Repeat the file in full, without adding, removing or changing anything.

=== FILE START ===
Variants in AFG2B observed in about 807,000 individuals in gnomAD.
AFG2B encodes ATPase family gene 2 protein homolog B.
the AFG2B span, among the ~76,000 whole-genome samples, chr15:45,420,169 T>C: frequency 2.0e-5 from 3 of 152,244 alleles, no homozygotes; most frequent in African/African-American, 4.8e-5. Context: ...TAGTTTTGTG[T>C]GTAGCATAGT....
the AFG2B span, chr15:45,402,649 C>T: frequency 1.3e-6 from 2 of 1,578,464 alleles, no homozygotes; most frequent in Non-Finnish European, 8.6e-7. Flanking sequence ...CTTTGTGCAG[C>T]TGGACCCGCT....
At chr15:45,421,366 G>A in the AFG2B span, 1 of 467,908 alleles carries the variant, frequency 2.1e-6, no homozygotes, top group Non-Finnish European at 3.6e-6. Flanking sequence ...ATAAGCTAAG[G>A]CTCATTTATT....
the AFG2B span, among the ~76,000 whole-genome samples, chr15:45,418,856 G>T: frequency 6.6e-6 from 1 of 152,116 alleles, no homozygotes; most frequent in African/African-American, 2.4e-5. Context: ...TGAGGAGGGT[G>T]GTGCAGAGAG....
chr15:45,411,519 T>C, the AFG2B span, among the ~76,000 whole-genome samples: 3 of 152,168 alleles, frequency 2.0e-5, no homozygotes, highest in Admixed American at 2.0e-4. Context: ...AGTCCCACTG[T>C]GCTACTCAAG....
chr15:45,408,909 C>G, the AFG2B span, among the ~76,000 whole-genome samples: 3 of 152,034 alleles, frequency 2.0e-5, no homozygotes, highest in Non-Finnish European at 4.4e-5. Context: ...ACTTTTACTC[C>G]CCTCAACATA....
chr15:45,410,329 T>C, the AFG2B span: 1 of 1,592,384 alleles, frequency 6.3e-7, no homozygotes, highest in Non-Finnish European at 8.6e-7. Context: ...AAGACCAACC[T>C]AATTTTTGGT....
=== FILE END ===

Variants in AFG2B observed in about 807,000 individuals in gnomAD.
AFG2B encodes ATPase family gene 2 protein homolog B.
the AFG2B span, among the ~76,000 whole-genome samples, chr15:45,420,169 T>C: frequency 2.0e-5 from 3 of 152,244 alleles, no homozygotes; most frequent in African/African-American, 4.8e-5. Context: ...TAGTTTTGTG[T>C]GTAGCATAGT....
the AFG2B span, chr15:45,402,649 C>T: frequency 1.3e-6 from 2 of 1,578,464 alleles, no homozygotes; most frequent in Non-Finnish European, 8.6e-7. Flanking sequence ...CTTTGTGCAG[C>T]TGGACCCGCT....
At chr15:45,421,366 G>A in the AFG2B span, 1 of 467,908 alleles carries the variant, frequency 2.1e-6, no homozygotes, top group Non-Finnish European at 3.6e-6. Flanking sequence ...ATAAGCTAAG[G>A]CTCATTTATT....
the AFG2B span, among the ~76,000 whole-genome samples, chr15:45,418,856 G>T: frequency 6.6e-6 from 1 of 152,116 alleles, no homozygotes; most frequent in African/African-American, 2.4e-5. Context: ...TGAGGAGGGT[G>T]GTGCAGAGAG....
chr15:45,411,519 T>C, the AFG2B span, among the ~76,000 whole-genome samples: 3 of 152,168 alleles, frequency 2.0e-5, no homozygotes, highest in Admixed American at 2.0e-4. Context: ...AGTCCCACTG[T>C]GCTACTCAAG....
chr15:45,408,909 C>G, the AFG2B span, among the ~76,000 whole-genome samples: 3 of 152,034 alleles, frequency 2.0e-5, no homozygotes, highest in Non-Finnish European at 4.4e-5. Context: ...ACTTTTACTC[C>G]CCTCAACATA....
chr15:45,410,329 T>C, the AFG2B span: 1 of 1,592,384 alleles, frequency 6.3e-7, no homozygotes, highest in Non-Finnish European at 8.6e-7. Context: ...AAGACCAACC[T>C]AATTTTTGGT....